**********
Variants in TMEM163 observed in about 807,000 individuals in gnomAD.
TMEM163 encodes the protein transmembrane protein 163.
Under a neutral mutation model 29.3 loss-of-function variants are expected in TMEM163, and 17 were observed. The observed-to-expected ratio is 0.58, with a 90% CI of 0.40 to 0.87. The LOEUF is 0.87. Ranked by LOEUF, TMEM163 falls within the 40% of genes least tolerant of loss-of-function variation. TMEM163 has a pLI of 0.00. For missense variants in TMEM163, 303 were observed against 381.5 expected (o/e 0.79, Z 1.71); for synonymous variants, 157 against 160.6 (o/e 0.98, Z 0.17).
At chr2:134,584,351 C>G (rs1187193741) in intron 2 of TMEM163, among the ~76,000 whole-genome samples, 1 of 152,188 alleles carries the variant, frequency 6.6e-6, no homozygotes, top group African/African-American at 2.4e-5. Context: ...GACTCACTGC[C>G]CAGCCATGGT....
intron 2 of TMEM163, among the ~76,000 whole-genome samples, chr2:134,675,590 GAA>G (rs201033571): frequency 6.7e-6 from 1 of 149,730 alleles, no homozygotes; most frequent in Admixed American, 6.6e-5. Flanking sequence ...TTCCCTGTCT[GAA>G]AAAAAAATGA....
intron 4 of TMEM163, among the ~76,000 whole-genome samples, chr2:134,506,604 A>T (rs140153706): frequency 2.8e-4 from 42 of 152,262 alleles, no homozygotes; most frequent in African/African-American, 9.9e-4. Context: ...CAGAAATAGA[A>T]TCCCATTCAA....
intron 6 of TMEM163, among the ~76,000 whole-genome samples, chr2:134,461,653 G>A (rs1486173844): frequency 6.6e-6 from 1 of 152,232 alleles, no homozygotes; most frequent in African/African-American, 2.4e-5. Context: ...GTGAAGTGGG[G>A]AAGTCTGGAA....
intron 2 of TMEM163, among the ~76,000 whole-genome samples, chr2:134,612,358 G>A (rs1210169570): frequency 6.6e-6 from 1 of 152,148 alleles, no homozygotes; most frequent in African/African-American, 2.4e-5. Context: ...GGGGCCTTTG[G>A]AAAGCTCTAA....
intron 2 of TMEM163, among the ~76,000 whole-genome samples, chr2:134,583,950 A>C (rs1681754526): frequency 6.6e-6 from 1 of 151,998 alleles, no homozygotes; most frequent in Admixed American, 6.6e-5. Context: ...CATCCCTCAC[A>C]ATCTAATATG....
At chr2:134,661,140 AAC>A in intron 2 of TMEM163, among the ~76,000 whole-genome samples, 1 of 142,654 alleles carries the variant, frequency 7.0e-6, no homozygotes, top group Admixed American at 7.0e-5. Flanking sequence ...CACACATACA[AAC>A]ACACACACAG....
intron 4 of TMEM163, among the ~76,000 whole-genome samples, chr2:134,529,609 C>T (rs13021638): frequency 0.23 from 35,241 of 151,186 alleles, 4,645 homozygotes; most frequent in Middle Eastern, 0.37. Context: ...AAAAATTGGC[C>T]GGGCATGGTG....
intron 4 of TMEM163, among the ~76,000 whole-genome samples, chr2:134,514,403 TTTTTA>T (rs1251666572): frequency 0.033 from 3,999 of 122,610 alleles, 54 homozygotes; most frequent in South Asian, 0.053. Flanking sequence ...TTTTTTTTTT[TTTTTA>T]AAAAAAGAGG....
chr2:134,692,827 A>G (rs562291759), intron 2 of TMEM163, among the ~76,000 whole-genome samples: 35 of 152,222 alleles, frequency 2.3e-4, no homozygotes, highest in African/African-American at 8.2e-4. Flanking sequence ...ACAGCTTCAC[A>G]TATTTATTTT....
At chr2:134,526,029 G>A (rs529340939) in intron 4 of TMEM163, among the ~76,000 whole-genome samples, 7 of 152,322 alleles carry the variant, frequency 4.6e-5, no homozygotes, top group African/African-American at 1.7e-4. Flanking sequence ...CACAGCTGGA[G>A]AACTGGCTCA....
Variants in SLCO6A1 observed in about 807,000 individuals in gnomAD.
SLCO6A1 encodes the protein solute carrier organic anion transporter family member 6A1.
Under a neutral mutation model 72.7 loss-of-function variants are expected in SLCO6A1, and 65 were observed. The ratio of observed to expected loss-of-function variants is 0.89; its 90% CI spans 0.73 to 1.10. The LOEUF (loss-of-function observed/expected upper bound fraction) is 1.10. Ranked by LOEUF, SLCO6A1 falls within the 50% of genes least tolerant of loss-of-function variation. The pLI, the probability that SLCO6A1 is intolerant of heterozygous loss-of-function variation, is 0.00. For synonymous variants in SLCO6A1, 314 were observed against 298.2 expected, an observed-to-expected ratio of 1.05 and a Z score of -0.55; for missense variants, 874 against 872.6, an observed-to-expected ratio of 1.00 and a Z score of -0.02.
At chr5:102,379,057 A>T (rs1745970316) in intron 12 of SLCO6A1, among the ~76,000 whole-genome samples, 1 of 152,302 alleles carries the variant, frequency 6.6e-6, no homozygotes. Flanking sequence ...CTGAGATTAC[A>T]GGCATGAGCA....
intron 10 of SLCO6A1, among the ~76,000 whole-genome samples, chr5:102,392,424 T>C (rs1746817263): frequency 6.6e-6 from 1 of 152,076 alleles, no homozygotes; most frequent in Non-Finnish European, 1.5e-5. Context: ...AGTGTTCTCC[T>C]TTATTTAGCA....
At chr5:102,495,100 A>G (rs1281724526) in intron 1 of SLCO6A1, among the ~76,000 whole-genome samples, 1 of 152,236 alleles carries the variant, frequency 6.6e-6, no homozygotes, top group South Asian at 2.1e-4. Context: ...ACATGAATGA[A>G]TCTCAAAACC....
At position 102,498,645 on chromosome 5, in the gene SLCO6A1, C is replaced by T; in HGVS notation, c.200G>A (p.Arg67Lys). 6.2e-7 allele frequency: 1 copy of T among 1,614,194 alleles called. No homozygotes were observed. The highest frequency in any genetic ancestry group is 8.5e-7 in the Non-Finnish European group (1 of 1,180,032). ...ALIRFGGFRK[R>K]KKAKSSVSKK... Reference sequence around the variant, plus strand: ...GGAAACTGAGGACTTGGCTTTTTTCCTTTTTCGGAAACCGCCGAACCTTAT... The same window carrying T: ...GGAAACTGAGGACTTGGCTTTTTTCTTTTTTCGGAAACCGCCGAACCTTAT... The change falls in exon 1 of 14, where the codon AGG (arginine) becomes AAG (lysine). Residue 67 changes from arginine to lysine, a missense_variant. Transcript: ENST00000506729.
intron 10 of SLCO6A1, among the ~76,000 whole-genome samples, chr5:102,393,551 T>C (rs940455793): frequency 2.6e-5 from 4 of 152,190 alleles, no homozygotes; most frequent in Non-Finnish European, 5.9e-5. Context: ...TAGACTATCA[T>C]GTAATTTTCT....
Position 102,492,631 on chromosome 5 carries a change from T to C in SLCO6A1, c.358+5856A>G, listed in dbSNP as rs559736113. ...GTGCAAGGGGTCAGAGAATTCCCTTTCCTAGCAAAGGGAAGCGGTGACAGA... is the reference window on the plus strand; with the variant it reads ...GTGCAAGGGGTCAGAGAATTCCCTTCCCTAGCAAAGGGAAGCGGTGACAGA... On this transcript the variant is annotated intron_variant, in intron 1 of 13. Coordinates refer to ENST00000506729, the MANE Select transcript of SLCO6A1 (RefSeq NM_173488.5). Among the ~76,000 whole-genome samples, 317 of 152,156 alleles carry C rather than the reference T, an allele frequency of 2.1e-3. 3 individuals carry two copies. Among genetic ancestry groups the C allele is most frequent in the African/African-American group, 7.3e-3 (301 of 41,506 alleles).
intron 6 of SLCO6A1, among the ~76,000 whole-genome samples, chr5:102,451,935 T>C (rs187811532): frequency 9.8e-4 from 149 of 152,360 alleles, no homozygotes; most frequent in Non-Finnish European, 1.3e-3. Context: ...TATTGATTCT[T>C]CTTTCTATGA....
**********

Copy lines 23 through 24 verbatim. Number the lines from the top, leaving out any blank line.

Position 102,492,631 on chromosome 5 carries a change from T to C in SLCO6A1, c.358+5856A>G, listed in dbSNP as rs559736113. ...GTGCAAGGGGTCAGAGAATTCCCTTTCCTAGCAAAGGGAAGCGGTGACAGA... is the reference window on the plus strand; with the variant it reads ...GTGCAAGGGGTCAGAGAATTCCCTTCCCTAGCAAAGGGAAGCGGTGACAGA... On this transcript the variant is annotated intron_variant, in intron 1 of 13. Coordinates refer to ENST00000506729, the MANE Select transcript of SLCO6A1 (RefSeq NM_173488.5). Among the ~76,000 whole-genome samples, 317 of 152,156 alleles carry C rather than the reference T, an allele frequency of 2.1e-3. 3 individuals carry two copies. Among genetic ancestry groups the C allele is most frequent in the African/African-American group, 7.3e-3 (301 of 41,506 alleles).
intron 6 of SLCO6A1, among the ~76,000 whole-genome samples, chr5:102,451,935 T>C (rs187811532): frequency 9.8e-4 from 149 of 152,360 alleles, no homozygotes; most frequent in Non-Finnish European, 1.3e-3. Context: ...TATTGATTCT[T>C]CTTTCTATGA....